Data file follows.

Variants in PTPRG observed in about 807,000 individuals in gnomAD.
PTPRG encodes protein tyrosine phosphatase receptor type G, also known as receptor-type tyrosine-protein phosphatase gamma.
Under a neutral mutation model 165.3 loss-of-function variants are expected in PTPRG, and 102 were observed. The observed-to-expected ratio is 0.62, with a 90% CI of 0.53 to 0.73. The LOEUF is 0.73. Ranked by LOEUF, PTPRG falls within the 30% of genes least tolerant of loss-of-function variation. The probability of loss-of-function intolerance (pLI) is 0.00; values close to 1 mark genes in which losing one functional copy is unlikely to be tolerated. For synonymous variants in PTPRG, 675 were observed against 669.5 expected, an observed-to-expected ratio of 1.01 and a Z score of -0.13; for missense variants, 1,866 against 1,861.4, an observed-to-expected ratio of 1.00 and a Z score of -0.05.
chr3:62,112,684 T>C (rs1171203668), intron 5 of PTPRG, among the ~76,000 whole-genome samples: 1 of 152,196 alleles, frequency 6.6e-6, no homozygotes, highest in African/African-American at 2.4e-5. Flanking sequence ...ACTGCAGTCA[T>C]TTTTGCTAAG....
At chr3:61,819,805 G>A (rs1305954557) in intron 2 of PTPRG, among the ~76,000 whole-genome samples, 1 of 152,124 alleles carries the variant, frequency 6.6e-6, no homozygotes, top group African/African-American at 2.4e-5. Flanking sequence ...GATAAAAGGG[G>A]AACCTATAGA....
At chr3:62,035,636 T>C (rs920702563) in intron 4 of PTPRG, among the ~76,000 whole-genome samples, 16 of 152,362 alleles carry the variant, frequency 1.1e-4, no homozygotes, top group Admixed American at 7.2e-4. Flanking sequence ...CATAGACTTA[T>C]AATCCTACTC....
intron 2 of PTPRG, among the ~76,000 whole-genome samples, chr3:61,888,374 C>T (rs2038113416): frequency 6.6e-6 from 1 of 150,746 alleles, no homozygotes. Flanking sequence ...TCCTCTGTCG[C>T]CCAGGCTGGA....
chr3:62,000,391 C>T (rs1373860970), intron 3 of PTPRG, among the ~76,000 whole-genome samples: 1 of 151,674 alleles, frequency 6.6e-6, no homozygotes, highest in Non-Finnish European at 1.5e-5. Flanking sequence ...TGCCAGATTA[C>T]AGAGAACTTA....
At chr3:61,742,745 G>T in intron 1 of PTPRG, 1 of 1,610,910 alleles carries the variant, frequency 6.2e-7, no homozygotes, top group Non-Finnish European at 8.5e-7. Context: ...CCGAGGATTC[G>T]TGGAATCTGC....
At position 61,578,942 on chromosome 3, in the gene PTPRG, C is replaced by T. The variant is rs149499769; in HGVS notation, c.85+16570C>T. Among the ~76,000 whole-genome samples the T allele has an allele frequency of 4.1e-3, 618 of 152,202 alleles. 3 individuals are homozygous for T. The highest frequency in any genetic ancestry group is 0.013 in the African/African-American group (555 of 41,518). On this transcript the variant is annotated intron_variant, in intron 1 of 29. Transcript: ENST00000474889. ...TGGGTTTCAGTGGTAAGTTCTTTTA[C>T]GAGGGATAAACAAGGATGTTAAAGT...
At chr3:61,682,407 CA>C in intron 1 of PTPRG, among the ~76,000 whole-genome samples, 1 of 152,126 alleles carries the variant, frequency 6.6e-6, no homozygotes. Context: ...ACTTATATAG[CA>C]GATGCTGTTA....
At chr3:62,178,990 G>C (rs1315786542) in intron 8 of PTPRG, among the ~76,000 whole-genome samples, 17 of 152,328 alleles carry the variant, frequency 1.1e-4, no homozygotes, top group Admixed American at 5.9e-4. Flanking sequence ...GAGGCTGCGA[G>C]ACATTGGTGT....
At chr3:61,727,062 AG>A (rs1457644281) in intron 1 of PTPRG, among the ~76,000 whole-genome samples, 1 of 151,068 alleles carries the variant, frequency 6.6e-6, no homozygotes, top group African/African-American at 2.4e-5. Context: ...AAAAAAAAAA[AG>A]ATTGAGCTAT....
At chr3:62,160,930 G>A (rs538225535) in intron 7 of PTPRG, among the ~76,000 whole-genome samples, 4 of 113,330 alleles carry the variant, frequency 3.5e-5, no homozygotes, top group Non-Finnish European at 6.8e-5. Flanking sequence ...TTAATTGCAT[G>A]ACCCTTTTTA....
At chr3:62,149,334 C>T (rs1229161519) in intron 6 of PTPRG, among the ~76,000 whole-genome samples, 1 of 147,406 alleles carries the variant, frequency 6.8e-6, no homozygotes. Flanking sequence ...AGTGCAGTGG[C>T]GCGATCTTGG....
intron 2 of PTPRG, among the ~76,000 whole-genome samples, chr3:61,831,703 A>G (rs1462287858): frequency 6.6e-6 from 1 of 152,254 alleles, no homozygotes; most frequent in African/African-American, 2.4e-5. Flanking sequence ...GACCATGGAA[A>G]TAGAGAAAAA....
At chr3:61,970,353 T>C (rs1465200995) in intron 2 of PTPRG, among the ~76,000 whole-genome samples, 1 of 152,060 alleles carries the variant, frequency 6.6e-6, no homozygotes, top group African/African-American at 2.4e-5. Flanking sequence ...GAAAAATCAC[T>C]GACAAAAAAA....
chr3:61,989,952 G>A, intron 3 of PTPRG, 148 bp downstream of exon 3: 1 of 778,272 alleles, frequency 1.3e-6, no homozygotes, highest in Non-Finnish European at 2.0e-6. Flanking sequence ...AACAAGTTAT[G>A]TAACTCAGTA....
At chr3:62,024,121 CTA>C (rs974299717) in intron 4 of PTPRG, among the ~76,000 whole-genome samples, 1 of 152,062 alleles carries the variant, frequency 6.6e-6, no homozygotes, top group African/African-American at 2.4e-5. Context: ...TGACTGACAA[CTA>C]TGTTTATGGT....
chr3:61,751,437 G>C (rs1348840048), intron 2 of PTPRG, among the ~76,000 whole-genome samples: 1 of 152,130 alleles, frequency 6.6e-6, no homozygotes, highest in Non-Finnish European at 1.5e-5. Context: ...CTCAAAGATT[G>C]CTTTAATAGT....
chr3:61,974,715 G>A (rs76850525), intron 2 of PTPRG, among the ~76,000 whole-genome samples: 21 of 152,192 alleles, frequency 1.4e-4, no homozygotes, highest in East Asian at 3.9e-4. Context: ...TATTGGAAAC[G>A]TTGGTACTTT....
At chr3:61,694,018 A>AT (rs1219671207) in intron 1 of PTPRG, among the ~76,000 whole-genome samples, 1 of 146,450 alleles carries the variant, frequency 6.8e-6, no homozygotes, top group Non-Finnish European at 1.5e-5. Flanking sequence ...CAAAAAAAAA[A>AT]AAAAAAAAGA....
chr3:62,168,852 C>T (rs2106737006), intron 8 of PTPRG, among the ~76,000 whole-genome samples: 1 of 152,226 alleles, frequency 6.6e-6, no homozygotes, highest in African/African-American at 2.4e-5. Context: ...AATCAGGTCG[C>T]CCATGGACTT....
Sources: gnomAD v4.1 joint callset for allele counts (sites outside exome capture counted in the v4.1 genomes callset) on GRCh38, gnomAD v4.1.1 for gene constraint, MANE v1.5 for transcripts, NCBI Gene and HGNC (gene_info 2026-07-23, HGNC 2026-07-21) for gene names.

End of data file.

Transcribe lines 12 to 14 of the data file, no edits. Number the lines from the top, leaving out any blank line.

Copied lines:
At chr3:62,178,990 G>C (rs1315786542) in intron 8 of PTPRG, among the ~76,000 whole-genome samples, 17 of 152,328 alleles carry the variant, frequency 1.1e-4, no homozygotes, top group Admixed American at 5.9e-4. Flanking sequence ...GAGGCTGCGA[G>C]ACATTGGTGT....
At chr3:61,727,062 AG>A (rs1457644281) in intron 1 of PTPRG, among the ~76,000 whole-genome samples, 1 of 151,068 alleles carries the variant, frequency 6.6e-6, no homozygotes, top group African/African-American at 2.4e-5. Context: ...AAAAAAAAAA[AG>A]ATTGAGCTAT....
At chr3:62,160,930 G>A (rs538225535) in intron 7 of PTPRG, among the ~76,000 whole-genome samples, 4 of 113,330 alleles carry the variant, frequency 3.5e-5, no homozygotes, top group Non-Finnish European at 6.8e-5. Flanking sequence ...TTAATTGCAT[G>A]ACCCTTTTTA....